Wed, 04/24/2019 - 05:21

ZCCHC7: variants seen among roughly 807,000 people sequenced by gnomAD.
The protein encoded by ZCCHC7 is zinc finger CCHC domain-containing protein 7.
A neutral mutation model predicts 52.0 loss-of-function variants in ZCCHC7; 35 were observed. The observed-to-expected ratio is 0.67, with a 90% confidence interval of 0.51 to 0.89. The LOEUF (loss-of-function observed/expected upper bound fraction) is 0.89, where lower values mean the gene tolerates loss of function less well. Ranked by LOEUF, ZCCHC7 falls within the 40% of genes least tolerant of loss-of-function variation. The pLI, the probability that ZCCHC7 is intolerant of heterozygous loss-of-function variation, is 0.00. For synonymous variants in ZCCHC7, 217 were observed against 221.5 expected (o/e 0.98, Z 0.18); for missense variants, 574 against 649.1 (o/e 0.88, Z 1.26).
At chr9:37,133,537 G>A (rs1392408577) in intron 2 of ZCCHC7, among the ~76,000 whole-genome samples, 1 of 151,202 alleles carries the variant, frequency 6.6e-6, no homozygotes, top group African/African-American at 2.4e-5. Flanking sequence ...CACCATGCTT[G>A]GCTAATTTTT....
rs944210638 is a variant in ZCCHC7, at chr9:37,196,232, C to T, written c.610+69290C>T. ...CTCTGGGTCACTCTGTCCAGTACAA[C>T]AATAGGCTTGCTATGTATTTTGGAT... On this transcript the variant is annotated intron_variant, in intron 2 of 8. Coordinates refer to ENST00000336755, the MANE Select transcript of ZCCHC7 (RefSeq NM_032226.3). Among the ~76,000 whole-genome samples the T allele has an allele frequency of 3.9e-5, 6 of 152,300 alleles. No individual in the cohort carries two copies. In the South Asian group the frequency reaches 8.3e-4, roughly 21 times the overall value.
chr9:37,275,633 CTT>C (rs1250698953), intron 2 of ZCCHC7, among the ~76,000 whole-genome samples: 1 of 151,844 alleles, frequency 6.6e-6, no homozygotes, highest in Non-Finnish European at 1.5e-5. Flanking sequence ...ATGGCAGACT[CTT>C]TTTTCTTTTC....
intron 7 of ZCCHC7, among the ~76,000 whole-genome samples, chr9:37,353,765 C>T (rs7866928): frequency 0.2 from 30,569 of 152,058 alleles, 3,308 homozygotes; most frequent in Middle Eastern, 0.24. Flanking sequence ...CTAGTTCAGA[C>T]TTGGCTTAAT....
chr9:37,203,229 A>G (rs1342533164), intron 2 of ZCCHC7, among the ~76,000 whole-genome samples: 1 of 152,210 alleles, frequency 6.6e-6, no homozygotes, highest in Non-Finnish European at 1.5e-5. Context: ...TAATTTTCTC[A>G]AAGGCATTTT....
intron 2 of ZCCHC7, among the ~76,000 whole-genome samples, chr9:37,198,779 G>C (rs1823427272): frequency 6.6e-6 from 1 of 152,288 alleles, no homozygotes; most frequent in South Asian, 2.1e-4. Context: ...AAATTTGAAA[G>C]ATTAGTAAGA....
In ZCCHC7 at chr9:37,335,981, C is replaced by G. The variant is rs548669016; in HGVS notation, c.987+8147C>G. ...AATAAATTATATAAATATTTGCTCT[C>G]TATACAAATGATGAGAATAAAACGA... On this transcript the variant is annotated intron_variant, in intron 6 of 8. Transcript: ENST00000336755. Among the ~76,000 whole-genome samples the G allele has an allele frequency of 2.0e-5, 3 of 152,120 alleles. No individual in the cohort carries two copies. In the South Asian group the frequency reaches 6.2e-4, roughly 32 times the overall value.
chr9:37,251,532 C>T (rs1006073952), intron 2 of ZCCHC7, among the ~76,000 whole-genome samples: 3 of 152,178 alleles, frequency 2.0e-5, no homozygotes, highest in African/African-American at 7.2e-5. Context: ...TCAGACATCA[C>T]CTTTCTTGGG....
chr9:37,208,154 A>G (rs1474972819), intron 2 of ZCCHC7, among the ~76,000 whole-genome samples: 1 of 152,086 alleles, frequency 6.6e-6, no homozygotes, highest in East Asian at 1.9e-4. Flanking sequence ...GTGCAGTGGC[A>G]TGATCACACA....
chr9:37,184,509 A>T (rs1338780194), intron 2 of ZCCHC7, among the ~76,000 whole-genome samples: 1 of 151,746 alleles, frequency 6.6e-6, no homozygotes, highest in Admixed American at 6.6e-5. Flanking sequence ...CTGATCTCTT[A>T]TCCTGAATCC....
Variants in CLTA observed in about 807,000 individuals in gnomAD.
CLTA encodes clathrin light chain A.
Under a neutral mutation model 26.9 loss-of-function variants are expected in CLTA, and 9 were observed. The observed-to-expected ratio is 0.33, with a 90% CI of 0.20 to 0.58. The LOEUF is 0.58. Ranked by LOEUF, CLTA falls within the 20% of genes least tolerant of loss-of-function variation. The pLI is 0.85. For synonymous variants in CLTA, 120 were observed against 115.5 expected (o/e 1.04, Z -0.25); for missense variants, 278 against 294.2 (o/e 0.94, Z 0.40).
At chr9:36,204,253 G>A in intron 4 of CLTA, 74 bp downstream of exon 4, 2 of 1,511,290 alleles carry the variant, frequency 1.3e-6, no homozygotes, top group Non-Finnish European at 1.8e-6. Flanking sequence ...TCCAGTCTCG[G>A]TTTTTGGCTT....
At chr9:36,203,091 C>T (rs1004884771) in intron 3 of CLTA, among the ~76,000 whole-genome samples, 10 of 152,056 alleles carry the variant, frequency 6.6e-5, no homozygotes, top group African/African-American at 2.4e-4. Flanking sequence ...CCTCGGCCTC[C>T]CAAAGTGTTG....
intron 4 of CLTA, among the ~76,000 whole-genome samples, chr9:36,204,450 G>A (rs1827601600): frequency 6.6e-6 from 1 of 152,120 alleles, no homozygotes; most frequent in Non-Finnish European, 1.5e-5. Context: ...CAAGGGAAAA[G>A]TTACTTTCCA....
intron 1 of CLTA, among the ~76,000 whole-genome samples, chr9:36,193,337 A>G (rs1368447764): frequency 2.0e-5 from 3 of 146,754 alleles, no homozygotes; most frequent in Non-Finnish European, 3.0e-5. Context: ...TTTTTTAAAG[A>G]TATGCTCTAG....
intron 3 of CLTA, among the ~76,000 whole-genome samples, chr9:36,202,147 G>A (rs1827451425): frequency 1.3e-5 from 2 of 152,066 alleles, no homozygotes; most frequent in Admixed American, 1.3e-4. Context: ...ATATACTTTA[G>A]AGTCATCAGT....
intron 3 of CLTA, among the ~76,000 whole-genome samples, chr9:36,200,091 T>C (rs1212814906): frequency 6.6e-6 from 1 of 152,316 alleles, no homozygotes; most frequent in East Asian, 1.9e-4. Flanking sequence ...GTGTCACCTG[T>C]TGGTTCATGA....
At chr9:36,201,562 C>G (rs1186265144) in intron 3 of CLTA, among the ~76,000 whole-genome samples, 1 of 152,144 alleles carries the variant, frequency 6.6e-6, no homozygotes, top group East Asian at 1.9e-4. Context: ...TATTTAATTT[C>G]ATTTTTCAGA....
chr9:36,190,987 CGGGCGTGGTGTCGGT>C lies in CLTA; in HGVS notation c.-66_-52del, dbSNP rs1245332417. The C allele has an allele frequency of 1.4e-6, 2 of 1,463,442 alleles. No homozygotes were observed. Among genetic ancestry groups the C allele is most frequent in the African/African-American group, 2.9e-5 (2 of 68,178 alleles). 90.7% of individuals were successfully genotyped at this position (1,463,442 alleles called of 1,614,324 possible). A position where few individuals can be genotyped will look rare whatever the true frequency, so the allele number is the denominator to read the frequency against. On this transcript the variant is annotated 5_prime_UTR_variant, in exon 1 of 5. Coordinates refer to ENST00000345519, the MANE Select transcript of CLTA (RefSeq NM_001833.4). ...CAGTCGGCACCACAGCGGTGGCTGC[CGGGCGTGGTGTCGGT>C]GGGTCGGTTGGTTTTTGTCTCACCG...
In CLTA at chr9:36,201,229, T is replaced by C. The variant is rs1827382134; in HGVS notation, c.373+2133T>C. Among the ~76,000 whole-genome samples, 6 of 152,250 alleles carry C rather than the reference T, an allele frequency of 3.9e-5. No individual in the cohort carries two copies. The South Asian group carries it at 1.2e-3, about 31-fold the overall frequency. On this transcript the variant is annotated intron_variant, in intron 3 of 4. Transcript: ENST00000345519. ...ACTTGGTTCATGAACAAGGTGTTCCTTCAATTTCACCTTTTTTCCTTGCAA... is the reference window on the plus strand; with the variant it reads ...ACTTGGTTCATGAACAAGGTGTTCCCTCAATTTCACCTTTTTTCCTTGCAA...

Photo Illustration by Elizabeth Brockway/The Daily Beast/GettyIn their CNN town halls Monday night, Democratic presidential candidates Sen. Bernie Sanders and Mayor Pete Buttigieg disagreed on whether current prisoners should be able to vote. Sen. Kamala Harris refused to endorse a plan for expanding the franchise to incarcerated people, but supported voting rights for former prisoners.Sanders was specifically asked about Boston Marathon bomber Dzhokhar Tsarnaev and “those convicted of sexual assault.” What sane person would want them to vote? Our political system is already run by crooks. Do we want to add murderers and rapists too?In European history dating to Roman times, criminals could be stripped of their legal personality after committing a crime. They could not sign contracts or own property. They were outlaws, banished from the city walls. John Locke and other political theorists argued that criminals broke an implicit social contract: a rule-breaker should lose the right to make rules for others. But Locke lived in a time when only white, male, wealthy landowners could vote. Today, the right to vote is enshrined in democratic constitutions and international treaties. In American history, many states’ exclusions of those with a criminal record from voting date to the post-Civil War period and were clearly aimed at denying the franchise to African Americans. Criminal justice reform advocates argue that suffering a Medieval-style “civil death” dehumanizes prisoners, prevents their reintegration into society, and perpetuates inequalities in our political system. We should not assume that prisoners are less knowledgeable about politics than those outside of prison—that’s a pretty low bar, after all. Encouraging prisoners to feel involved in the political process can have real benefits too. Isolating prisoners from the political process during and after their incarceration further stigmatizes and isolates them, and that can encourage reoffending.Prisoners lose many of their rights when they go to prison. They can’t serve on a jury from a prison cell, or own guns; both of those are probably reasonable proscriptions. They probably should not own guns. But prisoners do not lose all their rights in prison. They are entitled to practice their religion and can challenge the conditions of their confinement. Taking away prisoners’ liberty is already a heavy punishment. Allowing them to cast an absentee ballot is not an unreasonable privilege.The most important consequence of allowing prisoners to vote is that it would remove the incentives for “prison gerrymandering.” In most U.S. states, prisoners are counted by the census based on where they are incarcerated, not where they are registered to vote. Because most large prisons are in sparsely populated rural areas, prison complexes have an important effect on gerrymandering. Many prisoners are racial minorities or people who live in urban areas, which means these places lose voting population, while more conservative areas gain nonvoting population. This advantages Republican congressmen in places like upstate New York, who benefit from inflated populations for redistricting purposes, but have nothing to fear at election time. Prisoner disenfranchisement therefore contributes to a structural disparity that causes Congress and state legislatures to be more conservative than the public at large.While many states are in the process of revising their laws to allow ex-prisoners to vote, voting by current prisoners only exists in Maine, Puerto Rico, and Vermont—the latter represented by Sanders in the U.S. Senate. In addition, the trend across the developed world is to allow at least some prisoners to vote. The supreme courts of South Africa, Canada, and Israel have legalized voting for at least some prisoners. The European Court of Human Rights has also rejected blanket prohibitions on prisoner voting, though it has allowed exceptions.The policy options are far broader than a single audience question would suggest. In Germany, prisoners can vote unless they were convicted of terrorism or political violence, an exception that would encompass Tsarnaev’s marathon attack. Other European countries prevent violent criminals, those serving lengthy or life sentences, or war criminals from voting. Exceptions for crimes of dishonesty or fraud might be reasonable as well. In a few countries, only those convicted of misdemeanors can vote, rather than felonies.These are policy debates we should be willing to have. Even if we allowed only persons serving misdemeanor sentences in local jails to vote, this alone might add nearly 300,000 voters to the rolls. Prisoner voting is already underway in some states and developed countries, so it is hardly a revolutionary position. Overbroad restrictions on voting help ensure that politicians select their own voters, rather than voters electing their own politicians.Andrew Novak is Assistant Professor of Criminology Law and Society at George Mason University.Read more at The Daily Beast.